Visitors to ESPN.com's home page earlier this week saw the Dallas Cowboys' Monday Night Football loss at the top of the site's news feed. But the crucial bit of information that the headline teased was not the final score, or Tony Romo's five interceptions. Nor was it the impressive play of the visiting Chicago Bears.
Instead, the feed showed this:
"Jerry Jones down after MNF debacle," was the headline on Calvin Watkins' actual story, which reported on the owner's comments during his weekly radio show on KRLD-FM.
"Let me say this ... I know this: I couldn't be more disappointed," Jones said. "Frankly, I'm surprised we didn't play better."
Because, of course, it is totally normal that the one person America always wants to hear from about "America's Team," is not the coach, the quarterback or the non-existent general manager, but the team owner/GM. And the football marketing-industrial complex, which has also brought us Jerry in a Papa John's commercial and Victoria's Secret in Cowboys Stadium, seems to like it that way.
The people who don't like it that way are actual Cowboys fans who want to see the team win games. But given the state of things since 1997, the owner is the blue star's biggest star.
"Look, as a Cowboys fan, I'd rather watch the actual team," observes/complains Grantland staff writer Bryan Curtis. "Yet it's Jones who commands our attention."
Curtis (who is also a Texas Monthly special correspondent), ticks off Jerry's latest exploits, from the pizza and the panties to his various TV appearances (including an upcoming cameo on FX's The League ) to his handling of Dez Bryant.
He also points out the existence of something called "Jerry Wipes," which benefit the Salvation Army, and are not as bad as you might think a product branded with the name of a 69-year-old man might be.
"Just think -- one day you're standing next to Jerry and he needs his glasses cleaned," the team's online store pitches. "Just pull out a Jerry Wipe and you'll look like a champ!" (As Curtis explained, the merch reflects a moment between Jerry and his son-in-law on national TV during the Giants game).
For Curtis, Jones—as well as Mavericks owner Mark Cuban and Oklahoma State booster T. Boone Pickens—represents the apotheosis of the self-made Texas oilman as sports mogul.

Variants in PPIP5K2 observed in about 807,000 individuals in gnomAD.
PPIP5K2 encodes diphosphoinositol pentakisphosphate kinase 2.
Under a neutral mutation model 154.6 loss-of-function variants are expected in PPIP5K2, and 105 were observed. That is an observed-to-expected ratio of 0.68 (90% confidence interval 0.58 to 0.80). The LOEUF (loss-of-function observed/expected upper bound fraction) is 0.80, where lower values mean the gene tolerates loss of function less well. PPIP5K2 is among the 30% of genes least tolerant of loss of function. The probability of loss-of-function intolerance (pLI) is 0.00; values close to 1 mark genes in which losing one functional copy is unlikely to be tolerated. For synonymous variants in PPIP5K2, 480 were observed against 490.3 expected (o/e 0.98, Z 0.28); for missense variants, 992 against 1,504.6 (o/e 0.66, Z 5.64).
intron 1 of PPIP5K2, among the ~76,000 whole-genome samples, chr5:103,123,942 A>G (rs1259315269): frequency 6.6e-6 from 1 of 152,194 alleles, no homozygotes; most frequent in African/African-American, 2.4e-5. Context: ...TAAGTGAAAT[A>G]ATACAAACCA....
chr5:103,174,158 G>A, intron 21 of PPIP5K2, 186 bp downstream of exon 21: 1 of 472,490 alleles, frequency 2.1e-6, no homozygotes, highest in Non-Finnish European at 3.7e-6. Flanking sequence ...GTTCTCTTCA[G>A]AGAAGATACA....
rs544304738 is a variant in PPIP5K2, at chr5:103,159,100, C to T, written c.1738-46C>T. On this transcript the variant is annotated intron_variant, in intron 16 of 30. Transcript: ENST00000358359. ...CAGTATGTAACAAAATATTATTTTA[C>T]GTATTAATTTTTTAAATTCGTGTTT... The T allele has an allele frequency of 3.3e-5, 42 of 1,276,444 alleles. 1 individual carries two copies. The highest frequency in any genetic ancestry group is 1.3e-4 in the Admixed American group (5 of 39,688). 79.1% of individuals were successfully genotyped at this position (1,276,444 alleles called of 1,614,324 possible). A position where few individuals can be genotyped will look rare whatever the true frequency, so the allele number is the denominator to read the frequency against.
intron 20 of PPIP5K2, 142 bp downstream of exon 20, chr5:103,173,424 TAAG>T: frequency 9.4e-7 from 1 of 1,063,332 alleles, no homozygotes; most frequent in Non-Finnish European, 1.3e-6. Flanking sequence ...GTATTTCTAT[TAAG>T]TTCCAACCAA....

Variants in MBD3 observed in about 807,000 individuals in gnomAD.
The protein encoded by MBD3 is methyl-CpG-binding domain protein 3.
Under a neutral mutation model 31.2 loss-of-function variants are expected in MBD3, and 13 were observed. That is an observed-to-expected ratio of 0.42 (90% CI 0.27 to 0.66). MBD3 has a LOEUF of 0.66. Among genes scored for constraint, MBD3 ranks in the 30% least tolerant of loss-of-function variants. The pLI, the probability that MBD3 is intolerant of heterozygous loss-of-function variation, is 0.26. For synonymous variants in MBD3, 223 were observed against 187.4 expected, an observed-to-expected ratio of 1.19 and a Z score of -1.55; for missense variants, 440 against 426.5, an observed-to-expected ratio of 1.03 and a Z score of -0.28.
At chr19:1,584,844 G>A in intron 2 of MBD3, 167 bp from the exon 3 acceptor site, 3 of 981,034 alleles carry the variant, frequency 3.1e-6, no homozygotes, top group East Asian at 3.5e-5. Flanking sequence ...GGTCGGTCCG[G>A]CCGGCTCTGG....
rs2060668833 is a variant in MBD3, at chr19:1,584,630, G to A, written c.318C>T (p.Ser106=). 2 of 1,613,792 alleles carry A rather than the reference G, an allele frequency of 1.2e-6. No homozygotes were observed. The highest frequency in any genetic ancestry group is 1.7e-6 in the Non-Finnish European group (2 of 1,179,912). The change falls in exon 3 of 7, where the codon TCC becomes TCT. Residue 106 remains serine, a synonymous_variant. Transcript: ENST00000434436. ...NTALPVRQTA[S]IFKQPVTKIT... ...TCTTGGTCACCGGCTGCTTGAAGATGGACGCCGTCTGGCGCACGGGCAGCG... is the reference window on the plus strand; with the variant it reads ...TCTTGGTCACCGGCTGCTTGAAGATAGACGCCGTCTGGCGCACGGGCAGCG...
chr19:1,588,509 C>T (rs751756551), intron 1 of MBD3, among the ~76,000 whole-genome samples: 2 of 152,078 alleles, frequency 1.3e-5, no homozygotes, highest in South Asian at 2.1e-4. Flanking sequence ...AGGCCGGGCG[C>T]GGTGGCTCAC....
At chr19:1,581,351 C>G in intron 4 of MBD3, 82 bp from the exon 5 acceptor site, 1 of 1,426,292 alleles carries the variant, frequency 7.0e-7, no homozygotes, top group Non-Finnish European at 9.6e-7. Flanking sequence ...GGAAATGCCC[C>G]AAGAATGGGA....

When we used to talk about an utterly shameless, super-rich, "larger than life" Texan, we talked about an oilman. Now, we're more likely talking about the owner of a sports franchise. J.R. has given way to J.J. The Texas sports owner is the new über-Texan, the man who embodies the state's gonzo mythology.
Curtis makes the case that, like the wildcatters before him, Jones delights in going with his gut, thumbing his nose at East Coast old money and defying organizational authority (i.e. the NFL). Cowboys Stadium, a.k.a. Jerry World, is his modern-day equivalent to the massive family mansion, right down to the putting-on-airs art collection. And for all the ha-ha reactions to Jones' use of the apparent double entendre "glory hole," this past July, the term actually does come from the oil bidness.
"You’d like to think that if the show were on today, J.R. [Ewing] would own a Dallas sports team," this writer observed when Texas Monthly selected The Ten Greatest TV Texans" in October of 2010. Instead, TNT's new Dallas has been yet another pop culture pedestal for Jones, as well as Cowboys Stadium .
The New Oilmen are useful to Texas. For one thing, they're famous. For another, they keep alive the old notion that Texans are different from other Americans. As a Texan, I'm not sure this was ever true. But the New Oilmen make us think that Texans are not only different but also — in an interesting way — more fully realized.
This is probably a good place to note that Cuban has an NBA title, and Pickens has a Fiesta Bowl ring. Yet Jones's team — as no one needs reminding after Monday night — sucks. I think that's what's so strange about watching Jones hawk Jerry Wipes or rap on TV. Oilman swagger without success feels as odd as, well, the Dallas reboot.
Indeed, part of the fun of being America's Team was that in reality, most people outside of Texas (and in Houston) loved to hate the Dallas Cowboys. And the biggest reason for that hatred was the Cowboys won and won and won. Now all everybody hates is Jerry Jones. Including Dallas Cowboys fans.